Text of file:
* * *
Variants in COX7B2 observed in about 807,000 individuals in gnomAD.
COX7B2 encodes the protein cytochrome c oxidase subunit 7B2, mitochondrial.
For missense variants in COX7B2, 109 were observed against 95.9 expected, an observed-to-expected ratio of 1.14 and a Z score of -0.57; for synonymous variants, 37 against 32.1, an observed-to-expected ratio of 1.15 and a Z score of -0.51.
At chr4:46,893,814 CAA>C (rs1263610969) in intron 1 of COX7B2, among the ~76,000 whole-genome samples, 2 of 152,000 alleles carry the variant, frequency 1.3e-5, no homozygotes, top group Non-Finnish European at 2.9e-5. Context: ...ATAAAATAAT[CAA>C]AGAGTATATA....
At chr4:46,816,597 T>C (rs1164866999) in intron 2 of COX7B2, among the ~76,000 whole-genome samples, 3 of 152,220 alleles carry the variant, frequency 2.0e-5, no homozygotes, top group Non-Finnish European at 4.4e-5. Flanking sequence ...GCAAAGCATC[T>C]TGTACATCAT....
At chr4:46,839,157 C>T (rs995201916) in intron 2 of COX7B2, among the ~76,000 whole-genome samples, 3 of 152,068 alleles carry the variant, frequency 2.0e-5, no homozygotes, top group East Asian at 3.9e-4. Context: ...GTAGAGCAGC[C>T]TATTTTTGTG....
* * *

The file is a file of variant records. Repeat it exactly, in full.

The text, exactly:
Variants in COX7B2 observed in about 807,000 individuals in gnomAD.
COX7B2 encodes the protein cytochrome c oxidase subunit 7B2, mitochondrial.
For missense variants in COX7B2, 109 were observed against 95.9 expected, an observed-to-expected ratio of 1.14 and a Z score of -0.57; for synonymous variants, 37 against 32.1, an observed-to-expected ratio of 1.15 and a Z score of -0.51.
At chr4:46,893,814 CAA>C (rs1263610969) in intron 1 of COX7B2, among the ~76,000 whole-genome samples, 2 of 152,000 alleles carry the variant, frequency 1.3e-5, no homozygotes, top group Non-Finnish European at 2.9e-5. Context: ...ATAAAATAAT[CAA>C]AGAGTATATA....
At chr4:46,816,597 T>C (rs1164866999) in intron 2 of COX7B2, among the ~76,000 whole-genome samples, 3 of 152,220 alleles carry the variant, frequency 2.0e-5, no homozygotes, top group Non-Finnish European at 4.4e-5. Flanking sequence ...GCAAAGCATC[T>C]TGTACATCAT....
At chr4:46,839,157 C>T (rs995201916) in intron 2 of COX7B2, among the ~76,000 whole-genome samples, 3 of 152,068 alleles carry the variant, frequency 2.0e-5, no homozygotes, top group East Asian at 3.9e-4. Context: ...GTAGAGCAGC[C>T]TATTTTTGTG....